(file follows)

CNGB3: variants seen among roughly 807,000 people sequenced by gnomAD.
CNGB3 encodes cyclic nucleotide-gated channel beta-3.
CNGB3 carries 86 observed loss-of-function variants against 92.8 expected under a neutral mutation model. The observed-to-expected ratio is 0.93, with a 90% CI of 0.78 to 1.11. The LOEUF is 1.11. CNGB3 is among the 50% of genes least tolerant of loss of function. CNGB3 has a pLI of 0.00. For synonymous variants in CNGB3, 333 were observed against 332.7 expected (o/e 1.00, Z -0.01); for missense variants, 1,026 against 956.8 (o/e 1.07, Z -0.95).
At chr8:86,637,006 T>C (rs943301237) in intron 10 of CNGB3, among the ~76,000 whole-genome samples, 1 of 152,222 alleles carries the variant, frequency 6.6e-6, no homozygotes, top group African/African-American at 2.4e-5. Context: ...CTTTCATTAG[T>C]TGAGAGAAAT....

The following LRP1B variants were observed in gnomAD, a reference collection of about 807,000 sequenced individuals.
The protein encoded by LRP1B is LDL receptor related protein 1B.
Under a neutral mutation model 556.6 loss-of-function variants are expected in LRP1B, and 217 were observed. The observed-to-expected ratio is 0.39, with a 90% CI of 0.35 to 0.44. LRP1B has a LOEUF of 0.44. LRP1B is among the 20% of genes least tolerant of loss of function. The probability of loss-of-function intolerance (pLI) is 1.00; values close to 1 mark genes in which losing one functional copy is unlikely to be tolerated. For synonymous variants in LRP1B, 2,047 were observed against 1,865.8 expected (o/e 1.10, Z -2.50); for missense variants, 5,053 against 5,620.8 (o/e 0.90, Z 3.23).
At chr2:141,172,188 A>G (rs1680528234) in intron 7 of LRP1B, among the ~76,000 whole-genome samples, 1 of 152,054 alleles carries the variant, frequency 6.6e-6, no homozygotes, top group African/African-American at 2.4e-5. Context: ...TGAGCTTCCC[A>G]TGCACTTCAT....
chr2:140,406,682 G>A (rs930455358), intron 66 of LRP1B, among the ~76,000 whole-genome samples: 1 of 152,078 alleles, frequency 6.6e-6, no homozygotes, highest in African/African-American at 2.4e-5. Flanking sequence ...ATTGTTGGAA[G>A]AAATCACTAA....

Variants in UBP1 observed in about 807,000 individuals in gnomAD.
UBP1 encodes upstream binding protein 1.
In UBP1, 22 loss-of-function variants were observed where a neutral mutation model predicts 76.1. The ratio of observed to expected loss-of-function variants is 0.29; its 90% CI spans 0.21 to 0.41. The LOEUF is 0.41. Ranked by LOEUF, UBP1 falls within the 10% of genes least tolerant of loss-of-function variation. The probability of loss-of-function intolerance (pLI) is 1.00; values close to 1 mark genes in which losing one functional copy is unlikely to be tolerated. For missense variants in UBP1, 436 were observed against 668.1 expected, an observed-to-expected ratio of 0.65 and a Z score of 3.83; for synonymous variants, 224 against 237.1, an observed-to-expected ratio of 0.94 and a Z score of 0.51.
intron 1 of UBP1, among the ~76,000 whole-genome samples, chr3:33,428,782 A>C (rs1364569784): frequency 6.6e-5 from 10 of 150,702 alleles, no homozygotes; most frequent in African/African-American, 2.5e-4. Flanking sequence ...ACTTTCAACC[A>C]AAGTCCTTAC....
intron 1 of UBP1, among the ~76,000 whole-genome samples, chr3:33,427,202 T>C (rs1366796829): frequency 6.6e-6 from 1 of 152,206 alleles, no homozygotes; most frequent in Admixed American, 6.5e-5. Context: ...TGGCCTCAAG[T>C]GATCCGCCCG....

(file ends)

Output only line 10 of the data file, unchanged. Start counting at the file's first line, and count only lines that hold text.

Variants in UBP1 observed in about 807,000 individuals in gnomAD.